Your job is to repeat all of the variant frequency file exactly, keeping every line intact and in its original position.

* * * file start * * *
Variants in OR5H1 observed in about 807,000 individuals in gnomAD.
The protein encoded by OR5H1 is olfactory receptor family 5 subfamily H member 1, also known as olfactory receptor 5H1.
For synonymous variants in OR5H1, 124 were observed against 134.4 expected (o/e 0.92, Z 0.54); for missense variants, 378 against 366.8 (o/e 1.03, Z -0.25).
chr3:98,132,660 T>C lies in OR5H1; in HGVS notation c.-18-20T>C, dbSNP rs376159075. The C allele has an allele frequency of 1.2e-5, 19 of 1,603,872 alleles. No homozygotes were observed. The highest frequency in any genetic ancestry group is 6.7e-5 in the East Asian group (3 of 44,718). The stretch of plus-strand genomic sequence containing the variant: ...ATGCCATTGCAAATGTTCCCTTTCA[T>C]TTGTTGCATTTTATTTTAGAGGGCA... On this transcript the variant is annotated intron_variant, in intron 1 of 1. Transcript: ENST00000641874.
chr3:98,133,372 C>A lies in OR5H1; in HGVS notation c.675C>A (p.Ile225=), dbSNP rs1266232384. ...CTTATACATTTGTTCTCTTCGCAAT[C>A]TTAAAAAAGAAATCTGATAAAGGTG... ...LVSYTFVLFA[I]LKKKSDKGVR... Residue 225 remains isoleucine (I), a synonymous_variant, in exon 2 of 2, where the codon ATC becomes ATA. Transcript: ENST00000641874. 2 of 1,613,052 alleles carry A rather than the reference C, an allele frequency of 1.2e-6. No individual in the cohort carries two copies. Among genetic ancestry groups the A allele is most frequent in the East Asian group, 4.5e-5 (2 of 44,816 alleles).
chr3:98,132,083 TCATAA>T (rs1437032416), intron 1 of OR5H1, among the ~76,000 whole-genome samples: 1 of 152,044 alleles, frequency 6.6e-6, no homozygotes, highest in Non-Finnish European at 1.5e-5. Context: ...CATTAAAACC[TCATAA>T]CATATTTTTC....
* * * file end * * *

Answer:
Variants in OR5H1 observed in about 807,000 individuals in gnomAD.
The protein encoded by OR5H1 is olfactory receptor family 5 subfamily H member 1, also known as olfactory receptor 5H1.
For synonymous variants in OR5H1, 124 were observed against 134.4 expected (o/e 0.92, Z 0.54); for missense variants, 378 against 366.8 (o/e 1.03, Z -0.25).
chr3:98,132,660 T>C lies in OR5H1; in HGVS notation c.-18-20T>C, dbSNP rs376159075. The C allele has an allele frequency of 1.2e-5, 19 of 1,603,872 alleles. No homozygotes were observed. The highest frequency in any genetic ancestry group is 6.7e-5 in the East Asian group (3 of 44,718). The stretch of plus-strand genomic sequence containing the variant: ...ATGCCATTGCAAATGTTCCCTTTCA[T>C]TTGTTGCATTTTATTTTAGAGGGCA... On this transcript the variant is annotated intron_variant, in intron 1 of 1. Transcript: ENST00000641874.
chr3:98,133,372 C>A lies in OR5H1; in HGVS notation c.675C>A (p.Ile225=), dbSNP rs1266232384. ...CTTATACATTTGTTCTCTTCGCAAT[C>A]TTAAAAAAGAAATCTGATAAAGGTG... ...LVSYTFVLFA[I]LKKKSDKGVR... Residue 225 remains isoleucine (I), a synonymous_variant, in exon 2 of 2, where the codon ATC becomes ATA. Transcript: ENST00000641874. 2 of 1,613,052 alleles carry A rather than the reference C, an allele frequency of 1.2e-6. No individual in the cohort carries two copies. Among genetic ancestry groups the A allele is most frequent in the East Asian group, 4.5e-5 (2 of 44,816 alleles).
chr3:98,132,083 TCATAA>T (rs1437032416), intron 1 of OR5H1, among the ~76,000 whole-genome samples: 1 of 152,044 alleles, frequency 6.6e-6, no homozygotes, highest in Non-Finnish European at 1.5e-5. Context: ...CATTAAAACC[TCATAA>T]CATATTTTTC....